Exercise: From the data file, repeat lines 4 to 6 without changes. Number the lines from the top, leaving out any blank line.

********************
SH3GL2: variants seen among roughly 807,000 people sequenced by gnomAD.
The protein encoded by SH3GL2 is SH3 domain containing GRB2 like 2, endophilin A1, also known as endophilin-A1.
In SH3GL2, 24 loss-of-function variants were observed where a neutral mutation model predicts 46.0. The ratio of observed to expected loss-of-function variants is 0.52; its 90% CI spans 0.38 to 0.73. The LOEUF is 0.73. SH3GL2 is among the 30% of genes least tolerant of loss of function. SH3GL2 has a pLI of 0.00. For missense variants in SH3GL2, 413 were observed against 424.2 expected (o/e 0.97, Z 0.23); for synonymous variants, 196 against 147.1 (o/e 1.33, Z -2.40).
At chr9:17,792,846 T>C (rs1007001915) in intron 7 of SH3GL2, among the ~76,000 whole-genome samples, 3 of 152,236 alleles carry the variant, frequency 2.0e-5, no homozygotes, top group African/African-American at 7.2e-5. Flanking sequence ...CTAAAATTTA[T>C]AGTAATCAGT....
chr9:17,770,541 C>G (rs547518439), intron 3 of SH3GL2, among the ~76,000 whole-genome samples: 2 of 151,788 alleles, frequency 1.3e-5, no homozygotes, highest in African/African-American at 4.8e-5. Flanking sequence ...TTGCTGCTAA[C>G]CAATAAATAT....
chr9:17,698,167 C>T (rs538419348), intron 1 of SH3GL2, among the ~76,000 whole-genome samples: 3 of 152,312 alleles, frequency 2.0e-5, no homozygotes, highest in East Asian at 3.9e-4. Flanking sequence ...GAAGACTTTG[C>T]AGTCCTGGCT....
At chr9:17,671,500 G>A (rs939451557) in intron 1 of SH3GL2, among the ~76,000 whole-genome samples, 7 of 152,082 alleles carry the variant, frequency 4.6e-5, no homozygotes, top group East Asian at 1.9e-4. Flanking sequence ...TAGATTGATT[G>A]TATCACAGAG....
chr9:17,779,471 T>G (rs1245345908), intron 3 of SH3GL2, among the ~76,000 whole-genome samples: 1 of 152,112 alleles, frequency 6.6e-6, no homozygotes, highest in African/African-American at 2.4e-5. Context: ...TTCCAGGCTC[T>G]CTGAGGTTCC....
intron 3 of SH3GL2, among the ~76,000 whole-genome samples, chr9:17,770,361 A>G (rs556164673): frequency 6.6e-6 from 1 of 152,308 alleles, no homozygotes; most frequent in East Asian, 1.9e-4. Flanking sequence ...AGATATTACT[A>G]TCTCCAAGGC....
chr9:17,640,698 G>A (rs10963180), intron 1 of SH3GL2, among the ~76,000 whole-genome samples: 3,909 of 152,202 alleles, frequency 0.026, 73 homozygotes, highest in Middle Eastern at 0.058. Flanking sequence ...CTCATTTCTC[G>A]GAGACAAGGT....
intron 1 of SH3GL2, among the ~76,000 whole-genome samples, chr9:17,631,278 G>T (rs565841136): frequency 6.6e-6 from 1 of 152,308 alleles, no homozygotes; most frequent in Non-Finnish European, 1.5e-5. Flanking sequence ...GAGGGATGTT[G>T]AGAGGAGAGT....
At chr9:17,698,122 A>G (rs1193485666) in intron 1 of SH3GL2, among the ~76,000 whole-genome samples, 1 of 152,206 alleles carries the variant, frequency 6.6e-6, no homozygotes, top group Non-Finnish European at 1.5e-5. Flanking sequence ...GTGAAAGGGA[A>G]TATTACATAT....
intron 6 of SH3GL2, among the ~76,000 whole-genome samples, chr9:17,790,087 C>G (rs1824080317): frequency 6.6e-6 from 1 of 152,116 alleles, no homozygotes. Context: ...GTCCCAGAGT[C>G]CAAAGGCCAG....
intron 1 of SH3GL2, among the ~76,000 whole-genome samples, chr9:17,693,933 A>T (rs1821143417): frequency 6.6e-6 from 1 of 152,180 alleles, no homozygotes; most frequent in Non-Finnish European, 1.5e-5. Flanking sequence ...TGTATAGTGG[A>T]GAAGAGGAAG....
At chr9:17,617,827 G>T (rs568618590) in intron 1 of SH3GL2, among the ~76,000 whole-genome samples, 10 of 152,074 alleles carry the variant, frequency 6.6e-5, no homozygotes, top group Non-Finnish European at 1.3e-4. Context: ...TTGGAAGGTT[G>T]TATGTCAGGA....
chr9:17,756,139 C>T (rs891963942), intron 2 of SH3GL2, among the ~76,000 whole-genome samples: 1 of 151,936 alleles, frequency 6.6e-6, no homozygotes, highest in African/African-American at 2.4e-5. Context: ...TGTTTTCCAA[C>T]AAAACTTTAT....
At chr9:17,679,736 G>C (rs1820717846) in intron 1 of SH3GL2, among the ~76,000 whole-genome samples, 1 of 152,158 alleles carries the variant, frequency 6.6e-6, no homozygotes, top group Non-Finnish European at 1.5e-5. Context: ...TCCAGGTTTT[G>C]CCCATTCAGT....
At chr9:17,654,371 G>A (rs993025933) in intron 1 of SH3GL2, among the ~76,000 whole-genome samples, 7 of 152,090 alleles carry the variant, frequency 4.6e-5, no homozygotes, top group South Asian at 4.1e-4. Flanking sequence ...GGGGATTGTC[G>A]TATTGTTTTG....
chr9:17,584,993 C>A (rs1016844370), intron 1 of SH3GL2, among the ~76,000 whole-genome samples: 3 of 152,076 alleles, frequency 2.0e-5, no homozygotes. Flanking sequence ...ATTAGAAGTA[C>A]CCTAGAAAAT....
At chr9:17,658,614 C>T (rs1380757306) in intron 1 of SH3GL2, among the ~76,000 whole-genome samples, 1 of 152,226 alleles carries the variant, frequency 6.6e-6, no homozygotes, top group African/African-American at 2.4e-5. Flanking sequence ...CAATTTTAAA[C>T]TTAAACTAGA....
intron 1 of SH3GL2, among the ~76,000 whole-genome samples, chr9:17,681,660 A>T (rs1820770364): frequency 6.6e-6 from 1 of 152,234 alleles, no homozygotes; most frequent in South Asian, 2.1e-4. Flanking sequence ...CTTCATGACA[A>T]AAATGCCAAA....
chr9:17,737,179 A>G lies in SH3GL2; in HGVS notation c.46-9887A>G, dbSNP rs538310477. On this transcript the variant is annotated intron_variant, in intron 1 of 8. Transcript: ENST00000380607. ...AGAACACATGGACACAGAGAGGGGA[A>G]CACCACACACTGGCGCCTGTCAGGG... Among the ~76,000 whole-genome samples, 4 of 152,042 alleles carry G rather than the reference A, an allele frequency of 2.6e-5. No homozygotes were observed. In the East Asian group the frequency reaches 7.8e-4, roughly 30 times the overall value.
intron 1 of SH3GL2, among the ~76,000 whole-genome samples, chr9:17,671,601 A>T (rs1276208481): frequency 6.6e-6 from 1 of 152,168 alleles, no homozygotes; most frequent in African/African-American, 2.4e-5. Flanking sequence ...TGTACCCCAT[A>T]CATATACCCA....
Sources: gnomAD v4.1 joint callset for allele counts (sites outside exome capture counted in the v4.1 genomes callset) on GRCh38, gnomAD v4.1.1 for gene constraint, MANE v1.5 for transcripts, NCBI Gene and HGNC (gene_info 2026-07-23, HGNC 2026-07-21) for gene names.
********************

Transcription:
At chr9:17,792,846 T>C (rs1007001915) in intron 7 of SH3GL2, among the ~76,000 whole-genome samples, 3 of 152,236 alleles carry the variant, frequency 2.0e-5, no homozygotes, top group African/African-American at 7.2e-5. Flanking sequence ...CTAAAATTTA[T>C]AGTAATCAGT....
chr9:17,770,541 C>G (rs547518439), intron 3 of SH3GL2, among the ~76,000 whole-genome samples: 2 of 151,788 alleles, frequency 1.3e-5, no homozygotes, highest in African/African-American at 4.8e-5. Flanking sequence ...TTGCTGCTAA[C>G]CAATAAATAT....
chr9:17,698,167 C>T (rs538419348), intron 1 of SH3GL2, among the ~76,000 whole-genome samples: 3 of 152,312 alleles, frequency 2.0e-5, no homozygotes, highest in East Asian at 3.9e-4. Flanking sequence ...GAAGACTTTG[C>T]AGTCCTGGCT....